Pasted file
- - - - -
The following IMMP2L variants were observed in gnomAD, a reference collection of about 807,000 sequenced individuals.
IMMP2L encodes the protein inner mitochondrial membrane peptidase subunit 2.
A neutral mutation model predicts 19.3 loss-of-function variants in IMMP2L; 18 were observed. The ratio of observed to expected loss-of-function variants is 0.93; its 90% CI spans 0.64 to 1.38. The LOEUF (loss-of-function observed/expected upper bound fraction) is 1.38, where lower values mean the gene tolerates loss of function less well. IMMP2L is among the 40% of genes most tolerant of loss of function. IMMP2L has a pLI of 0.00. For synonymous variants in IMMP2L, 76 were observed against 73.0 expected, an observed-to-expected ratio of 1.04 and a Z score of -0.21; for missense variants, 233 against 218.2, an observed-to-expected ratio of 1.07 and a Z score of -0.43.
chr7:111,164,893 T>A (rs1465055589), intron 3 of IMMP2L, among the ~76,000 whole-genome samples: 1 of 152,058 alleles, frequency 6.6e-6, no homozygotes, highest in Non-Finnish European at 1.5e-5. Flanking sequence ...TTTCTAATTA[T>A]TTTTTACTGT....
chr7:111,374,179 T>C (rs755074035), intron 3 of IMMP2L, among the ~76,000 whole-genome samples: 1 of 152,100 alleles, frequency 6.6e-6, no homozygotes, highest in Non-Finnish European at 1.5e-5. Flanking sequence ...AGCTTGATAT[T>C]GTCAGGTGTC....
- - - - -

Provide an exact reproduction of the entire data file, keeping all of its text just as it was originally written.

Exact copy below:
The following IMMP2L variants were observed in gnomAD, a reference collection of about 807,000 sequenced individuals.
IMMP2L encodes the protein inner mitochondrial membrane peptidase subunit 2.
A neutral mutation model predicts 19.3 loss-of-function variants in IMMP2L; 18 were observed. The ratio of observed to expected loss-of-function variants is 0.93; its 90% CI spans 0.64 to 1.38. The LOEUF (loss-of-function observed/expected upper bound fraction) is 1.38, where lower values mean the gene tolerates loss of function less well. IMMP2L is among the 40% of genes most tolerant of loss of function. IMMP2L has a pLI of 0.00. For synonymous variants in IMMP2L, 76 were observed against 73.0 expected, an observed-to-expected ratio of 1.04 and a Z score of -0.21; for missense variants, 233 against 218.2, an observed-to-expected ratio of 1.07 and a Z score of -0.43.
chr7:111,164,893 T>A (rs1465055589), intron 3 of IMMP2L, among the ~76,000 whole-genome samples: 1 of 152,058 alleles, frequency 6.6e-6, no homozygotes, highest in Non-Finnish European at 1.5e-5. Flanking sequence ...TTTCTAATTA[T>A]TTTTTACTGT....
chr7:111,374,179 T>C (rs755074035), intron 3 of IMMP2L, among the ~76,000 whole-genome samples: 1 of 152,100 alleles, frequency 6.6e-6, no homozygotes, highest in Non-Finnish European at 1.5e-5. Flanking sequence ...AGCTTGATAT[T>C]GTCAGGTGTC....